For example, when a community loses its memory, its members no longer know each other. How can they know each other if they have forgotten or have never learned each other’s stories? If they do not know each other’s stories, how can they know whether or not to trust each other? People who do not trust each other do not help each other, and moreover they fear each other. And this is our predicament now.

    The loss of trust that Berry cites is exactly what some other very sharp writers, namely Nicole Foss and Dmitri Orlov, have been pointing to. The whole world of trade and credit that brings New Jersey garbage to Kentucky, food to your local grocery store, or Chinese junk to your local Walmart exists on a structure that allows multiple people and businesses who have never met each other to trust each other.

    But when credit dies, Foss and Orlov warn–that is, when one bankrupt lender is no longer trusted by a producer or a shipper to pay because the lender has no assets or our dollar has become worthless–that trust horizon shrinks with frightening speed. Money is no longer the lubricant that extends commerce, and trust suddenly shrinks back to who you know and a man’s word, and the horizon shrinks to a day’s travel around you. Apply that mentally to Lisbon Falls. How many people who domicile there work there? Buy their groceries there? So when the trust horizon shrinks with the speed of an atomic blast shock wave, who will turn to whom?

    You have your work cut out for you, young lady. Fortunately, I know of no one more suited for the job.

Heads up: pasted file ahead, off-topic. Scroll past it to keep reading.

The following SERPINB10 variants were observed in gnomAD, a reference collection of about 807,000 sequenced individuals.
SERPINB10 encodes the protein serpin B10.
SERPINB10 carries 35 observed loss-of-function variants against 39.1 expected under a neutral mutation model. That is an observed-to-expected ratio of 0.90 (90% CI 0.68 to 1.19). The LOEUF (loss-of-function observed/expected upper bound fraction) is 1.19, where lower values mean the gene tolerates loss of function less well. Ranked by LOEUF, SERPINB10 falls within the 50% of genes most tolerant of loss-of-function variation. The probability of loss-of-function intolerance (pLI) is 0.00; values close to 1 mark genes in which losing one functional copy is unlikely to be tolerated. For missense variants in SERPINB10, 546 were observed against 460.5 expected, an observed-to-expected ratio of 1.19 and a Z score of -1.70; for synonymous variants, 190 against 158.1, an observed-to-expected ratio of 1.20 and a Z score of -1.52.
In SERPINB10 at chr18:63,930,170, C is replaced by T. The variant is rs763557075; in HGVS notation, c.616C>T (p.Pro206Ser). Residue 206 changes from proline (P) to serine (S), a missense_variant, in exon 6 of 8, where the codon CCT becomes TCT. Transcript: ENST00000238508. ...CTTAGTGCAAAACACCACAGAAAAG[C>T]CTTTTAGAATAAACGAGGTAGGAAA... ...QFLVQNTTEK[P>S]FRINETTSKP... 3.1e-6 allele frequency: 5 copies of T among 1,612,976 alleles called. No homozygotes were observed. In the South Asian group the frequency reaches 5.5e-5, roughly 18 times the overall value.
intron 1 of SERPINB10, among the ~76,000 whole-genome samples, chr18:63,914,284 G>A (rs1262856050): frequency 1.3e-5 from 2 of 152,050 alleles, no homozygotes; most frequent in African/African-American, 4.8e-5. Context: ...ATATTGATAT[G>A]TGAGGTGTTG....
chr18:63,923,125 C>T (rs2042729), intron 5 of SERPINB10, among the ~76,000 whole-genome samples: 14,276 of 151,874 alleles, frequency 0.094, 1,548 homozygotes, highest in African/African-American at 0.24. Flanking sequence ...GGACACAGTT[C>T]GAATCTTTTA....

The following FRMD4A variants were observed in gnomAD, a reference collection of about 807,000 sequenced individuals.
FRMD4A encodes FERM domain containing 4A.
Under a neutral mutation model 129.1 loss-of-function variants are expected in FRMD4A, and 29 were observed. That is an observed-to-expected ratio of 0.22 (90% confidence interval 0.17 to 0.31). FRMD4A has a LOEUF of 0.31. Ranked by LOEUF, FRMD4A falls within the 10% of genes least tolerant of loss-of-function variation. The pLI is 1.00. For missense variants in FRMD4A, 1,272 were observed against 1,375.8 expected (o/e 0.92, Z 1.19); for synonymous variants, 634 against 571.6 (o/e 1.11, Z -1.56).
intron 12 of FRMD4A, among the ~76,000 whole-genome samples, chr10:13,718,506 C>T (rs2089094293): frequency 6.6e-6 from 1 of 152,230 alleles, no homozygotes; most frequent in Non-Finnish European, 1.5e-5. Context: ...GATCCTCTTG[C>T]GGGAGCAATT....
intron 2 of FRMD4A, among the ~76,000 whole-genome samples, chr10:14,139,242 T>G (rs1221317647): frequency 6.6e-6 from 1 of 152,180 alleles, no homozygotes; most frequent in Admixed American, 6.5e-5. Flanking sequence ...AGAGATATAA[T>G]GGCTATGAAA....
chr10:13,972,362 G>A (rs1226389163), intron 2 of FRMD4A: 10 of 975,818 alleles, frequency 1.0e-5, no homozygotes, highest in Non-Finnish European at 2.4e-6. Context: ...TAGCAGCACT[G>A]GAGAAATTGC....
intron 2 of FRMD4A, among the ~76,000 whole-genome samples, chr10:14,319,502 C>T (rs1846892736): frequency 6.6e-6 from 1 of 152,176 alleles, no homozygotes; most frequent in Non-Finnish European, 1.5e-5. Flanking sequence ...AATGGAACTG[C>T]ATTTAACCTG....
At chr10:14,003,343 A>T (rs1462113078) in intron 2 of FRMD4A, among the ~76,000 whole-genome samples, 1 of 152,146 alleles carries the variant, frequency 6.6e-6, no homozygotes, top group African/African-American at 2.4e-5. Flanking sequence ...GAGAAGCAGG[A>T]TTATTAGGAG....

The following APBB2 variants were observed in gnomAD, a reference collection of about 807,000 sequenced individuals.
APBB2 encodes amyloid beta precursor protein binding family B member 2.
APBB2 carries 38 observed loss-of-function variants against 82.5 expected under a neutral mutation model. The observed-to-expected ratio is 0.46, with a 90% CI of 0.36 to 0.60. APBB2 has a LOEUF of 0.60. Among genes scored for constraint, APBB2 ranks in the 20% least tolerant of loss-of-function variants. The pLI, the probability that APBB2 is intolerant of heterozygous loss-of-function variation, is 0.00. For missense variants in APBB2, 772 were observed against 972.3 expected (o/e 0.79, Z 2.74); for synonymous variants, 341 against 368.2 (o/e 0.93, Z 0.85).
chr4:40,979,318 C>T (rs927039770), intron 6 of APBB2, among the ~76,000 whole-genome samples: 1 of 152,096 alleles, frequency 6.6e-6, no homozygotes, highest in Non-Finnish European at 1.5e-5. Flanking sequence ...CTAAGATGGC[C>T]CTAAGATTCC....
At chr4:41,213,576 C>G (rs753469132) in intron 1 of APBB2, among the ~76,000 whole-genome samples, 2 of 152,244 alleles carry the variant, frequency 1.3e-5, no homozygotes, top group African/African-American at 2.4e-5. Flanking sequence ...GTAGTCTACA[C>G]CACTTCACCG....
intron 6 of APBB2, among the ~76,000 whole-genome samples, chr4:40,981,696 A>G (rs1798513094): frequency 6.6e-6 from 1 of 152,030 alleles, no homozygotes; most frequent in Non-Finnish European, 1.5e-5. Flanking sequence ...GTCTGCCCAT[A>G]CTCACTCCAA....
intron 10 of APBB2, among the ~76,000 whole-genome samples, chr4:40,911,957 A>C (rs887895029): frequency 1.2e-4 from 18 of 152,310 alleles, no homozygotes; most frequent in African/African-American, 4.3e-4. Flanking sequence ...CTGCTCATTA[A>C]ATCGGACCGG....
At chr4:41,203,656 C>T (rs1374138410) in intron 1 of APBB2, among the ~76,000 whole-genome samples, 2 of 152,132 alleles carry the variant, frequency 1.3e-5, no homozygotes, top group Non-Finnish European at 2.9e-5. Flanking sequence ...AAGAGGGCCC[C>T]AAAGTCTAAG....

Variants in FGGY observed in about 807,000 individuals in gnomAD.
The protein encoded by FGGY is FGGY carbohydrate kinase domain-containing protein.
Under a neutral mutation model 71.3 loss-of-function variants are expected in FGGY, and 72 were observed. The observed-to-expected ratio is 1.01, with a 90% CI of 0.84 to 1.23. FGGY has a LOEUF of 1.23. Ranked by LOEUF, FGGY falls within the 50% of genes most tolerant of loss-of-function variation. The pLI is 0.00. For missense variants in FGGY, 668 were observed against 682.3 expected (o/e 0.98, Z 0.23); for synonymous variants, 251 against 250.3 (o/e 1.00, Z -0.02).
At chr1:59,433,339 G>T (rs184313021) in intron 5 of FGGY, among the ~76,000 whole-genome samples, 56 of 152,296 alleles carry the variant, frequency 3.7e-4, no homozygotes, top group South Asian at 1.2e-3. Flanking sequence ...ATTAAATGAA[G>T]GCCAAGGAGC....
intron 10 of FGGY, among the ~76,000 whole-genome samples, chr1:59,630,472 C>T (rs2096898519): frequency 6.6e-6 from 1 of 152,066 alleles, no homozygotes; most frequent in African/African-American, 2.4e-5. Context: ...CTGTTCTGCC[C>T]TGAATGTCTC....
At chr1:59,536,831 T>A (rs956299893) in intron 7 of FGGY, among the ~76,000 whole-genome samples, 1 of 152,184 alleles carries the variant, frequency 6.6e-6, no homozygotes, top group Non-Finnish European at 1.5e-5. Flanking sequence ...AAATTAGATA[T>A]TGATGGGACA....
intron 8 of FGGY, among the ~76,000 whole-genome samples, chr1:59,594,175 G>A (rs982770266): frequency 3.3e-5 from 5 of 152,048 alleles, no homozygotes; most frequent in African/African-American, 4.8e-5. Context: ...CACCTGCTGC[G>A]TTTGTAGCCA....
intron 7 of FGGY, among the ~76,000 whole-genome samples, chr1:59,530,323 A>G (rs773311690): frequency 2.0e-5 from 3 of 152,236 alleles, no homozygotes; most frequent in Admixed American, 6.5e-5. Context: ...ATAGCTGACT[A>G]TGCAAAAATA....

• In spite of the nervousness and the obstacles, the idea of being in one place and not needing to jet about in my Jeep opens a whole new world of opportunity. I am actually right in the middle between two CSA farms, both within walking distance.

      Stay tuned and thanks for the vote of confidence, Reggie!

  2. jbomb62 says:

    For years (more than a decade, I’m sure), I’ve been talking about Wendell’s Berry ancient wisdom, and the “ancient rule of neighborliness.” More often than not, my recommendations fall on deaf ears, or ears lacking the capacity to hear the message that I’m offering by way of wise men like Berry.

    It’s encouraging when people like you connect with it and better, go back to the talk and the context from where that wonderful quote comes from.

    As Mr. Livingstone notes, all of us who hearken back to older ways have our work cut out for us. That’s why the time has come to band together and seek out the like-minded, especially within a local radius.